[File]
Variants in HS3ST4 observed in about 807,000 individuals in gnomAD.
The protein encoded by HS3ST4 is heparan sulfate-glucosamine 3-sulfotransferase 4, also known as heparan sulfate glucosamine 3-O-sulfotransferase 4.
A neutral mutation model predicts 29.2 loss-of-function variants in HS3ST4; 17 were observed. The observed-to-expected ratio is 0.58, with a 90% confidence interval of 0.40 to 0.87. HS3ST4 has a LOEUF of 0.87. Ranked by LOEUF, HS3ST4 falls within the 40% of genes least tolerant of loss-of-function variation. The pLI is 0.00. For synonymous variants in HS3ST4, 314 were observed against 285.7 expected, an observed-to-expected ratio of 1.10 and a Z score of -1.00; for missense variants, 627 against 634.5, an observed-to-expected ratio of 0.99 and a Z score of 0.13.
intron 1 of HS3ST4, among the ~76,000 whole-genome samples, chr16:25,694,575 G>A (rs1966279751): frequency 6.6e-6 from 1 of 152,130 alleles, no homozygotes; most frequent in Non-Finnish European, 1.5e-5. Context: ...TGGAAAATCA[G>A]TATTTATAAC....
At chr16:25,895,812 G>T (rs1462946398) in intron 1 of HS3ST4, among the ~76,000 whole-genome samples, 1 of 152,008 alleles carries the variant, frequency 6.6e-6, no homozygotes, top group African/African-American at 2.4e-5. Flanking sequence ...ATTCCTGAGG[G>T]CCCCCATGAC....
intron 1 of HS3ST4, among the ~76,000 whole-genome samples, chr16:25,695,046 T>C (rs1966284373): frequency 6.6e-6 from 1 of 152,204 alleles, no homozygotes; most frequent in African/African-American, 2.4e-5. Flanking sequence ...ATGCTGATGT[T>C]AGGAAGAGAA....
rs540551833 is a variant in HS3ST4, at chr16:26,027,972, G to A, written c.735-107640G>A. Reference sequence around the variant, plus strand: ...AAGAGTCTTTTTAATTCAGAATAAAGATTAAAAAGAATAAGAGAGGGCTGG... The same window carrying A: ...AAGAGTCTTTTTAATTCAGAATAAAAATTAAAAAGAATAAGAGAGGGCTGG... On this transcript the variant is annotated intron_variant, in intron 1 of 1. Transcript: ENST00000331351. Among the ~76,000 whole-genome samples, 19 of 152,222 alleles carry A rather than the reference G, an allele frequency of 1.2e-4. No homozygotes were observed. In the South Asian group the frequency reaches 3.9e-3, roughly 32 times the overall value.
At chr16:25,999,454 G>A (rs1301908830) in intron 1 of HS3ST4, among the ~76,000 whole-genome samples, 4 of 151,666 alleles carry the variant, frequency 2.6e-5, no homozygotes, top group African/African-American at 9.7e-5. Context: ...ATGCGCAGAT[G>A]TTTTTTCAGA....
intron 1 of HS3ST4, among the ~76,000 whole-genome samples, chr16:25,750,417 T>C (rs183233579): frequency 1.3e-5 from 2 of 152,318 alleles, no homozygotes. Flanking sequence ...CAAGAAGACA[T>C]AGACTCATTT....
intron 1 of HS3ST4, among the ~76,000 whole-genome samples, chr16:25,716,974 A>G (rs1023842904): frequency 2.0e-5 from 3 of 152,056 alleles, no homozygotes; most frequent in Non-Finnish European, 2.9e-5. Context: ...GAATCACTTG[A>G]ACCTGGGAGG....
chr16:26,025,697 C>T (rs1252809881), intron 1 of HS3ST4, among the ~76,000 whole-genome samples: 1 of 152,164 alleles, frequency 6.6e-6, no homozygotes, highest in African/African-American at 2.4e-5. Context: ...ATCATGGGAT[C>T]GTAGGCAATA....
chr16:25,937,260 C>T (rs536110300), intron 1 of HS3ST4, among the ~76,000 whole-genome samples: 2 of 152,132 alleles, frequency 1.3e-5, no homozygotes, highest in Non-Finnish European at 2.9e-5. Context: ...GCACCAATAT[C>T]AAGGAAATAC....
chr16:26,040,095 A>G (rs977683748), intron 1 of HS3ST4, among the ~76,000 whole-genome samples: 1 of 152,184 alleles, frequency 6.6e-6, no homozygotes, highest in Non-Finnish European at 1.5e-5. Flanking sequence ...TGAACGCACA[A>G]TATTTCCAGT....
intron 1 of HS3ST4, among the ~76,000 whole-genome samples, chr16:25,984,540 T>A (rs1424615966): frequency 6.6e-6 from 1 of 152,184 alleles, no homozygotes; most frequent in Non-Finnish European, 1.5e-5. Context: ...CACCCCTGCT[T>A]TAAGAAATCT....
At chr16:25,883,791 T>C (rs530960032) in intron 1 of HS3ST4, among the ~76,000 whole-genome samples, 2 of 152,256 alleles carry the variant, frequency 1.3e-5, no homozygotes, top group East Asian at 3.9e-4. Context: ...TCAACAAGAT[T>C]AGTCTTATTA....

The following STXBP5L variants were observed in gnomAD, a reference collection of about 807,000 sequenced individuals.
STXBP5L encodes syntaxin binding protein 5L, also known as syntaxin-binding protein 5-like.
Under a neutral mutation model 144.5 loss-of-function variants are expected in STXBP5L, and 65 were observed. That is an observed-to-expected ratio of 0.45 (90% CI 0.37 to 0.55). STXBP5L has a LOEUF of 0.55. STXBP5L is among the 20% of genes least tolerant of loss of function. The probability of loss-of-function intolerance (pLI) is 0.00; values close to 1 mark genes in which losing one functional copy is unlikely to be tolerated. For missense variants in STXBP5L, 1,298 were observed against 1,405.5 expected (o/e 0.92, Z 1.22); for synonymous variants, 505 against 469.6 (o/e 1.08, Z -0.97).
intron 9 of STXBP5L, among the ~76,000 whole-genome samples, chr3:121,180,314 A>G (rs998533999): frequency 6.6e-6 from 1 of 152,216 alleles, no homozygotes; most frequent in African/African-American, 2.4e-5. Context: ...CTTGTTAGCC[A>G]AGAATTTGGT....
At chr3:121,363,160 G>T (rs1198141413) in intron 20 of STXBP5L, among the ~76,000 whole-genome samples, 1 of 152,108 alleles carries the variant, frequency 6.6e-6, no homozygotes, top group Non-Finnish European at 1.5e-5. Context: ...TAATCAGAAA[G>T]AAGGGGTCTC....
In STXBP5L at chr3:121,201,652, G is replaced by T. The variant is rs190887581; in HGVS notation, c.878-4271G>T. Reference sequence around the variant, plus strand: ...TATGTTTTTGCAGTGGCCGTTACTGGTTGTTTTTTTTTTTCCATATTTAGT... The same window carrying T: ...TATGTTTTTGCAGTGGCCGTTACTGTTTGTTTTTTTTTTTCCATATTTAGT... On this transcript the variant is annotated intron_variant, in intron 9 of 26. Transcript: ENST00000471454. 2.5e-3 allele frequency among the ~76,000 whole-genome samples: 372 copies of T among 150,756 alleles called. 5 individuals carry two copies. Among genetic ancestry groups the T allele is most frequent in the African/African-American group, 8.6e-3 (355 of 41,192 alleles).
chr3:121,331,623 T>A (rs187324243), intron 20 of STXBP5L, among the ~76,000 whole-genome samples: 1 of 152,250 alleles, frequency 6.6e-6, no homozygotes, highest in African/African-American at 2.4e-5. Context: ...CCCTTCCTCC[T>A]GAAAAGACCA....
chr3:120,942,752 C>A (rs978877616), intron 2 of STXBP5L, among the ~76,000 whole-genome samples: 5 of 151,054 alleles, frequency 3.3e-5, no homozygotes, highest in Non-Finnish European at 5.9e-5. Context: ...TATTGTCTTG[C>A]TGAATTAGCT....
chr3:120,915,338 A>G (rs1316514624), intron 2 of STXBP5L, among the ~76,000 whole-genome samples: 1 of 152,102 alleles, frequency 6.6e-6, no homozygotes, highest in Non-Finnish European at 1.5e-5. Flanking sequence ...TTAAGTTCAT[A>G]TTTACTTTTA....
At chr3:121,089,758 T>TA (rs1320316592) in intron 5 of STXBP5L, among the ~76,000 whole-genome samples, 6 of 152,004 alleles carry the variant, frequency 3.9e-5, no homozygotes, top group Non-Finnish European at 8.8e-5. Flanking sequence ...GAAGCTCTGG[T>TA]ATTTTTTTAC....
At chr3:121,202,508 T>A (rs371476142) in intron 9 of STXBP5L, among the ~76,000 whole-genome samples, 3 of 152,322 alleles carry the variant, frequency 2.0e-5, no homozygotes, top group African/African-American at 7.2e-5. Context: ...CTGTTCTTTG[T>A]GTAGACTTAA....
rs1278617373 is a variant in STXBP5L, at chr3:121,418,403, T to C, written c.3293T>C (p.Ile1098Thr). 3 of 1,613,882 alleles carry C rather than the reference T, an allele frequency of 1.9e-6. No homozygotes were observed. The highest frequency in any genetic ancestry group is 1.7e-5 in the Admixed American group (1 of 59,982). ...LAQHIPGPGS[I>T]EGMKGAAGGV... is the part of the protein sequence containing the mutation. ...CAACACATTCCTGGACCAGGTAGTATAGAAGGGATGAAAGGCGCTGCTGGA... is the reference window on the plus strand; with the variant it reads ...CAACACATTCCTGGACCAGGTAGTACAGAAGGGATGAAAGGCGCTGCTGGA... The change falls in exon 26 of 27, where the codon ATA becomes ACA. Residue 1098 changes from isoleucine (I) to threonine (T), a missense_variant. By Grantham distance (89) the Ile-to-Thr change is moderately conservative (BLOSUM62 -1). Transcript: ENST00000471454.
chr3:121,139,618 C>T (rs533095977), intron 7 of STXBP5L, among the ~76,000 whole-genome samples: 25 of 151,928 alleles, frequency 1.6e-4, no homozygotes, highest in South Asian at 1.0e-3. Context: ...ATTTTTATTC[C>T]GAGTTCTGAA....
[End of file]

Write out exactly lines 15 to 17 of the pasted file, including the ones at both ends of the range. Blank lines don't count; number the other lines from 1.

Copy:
At chr16:25,883,791 T>C (rs530960032) in intron 1 of HS3ST4, among the ~76,000 whole-genome samples, 2 of 152,256 alleles carry the variant, frequency 1.3e-5, no homozygotes, top group East Asian at 3.9e-4. Context: ...TCAACAAGAT[T>C]AGTCTTATTA....

The following STXBP5L variants were observed in gnomAD, a reference collection of about 807,000 sequenced individuals.
STXBP5L encodes syntaxin binding protein 5L, also known as syntaxin-binding protein 5-like.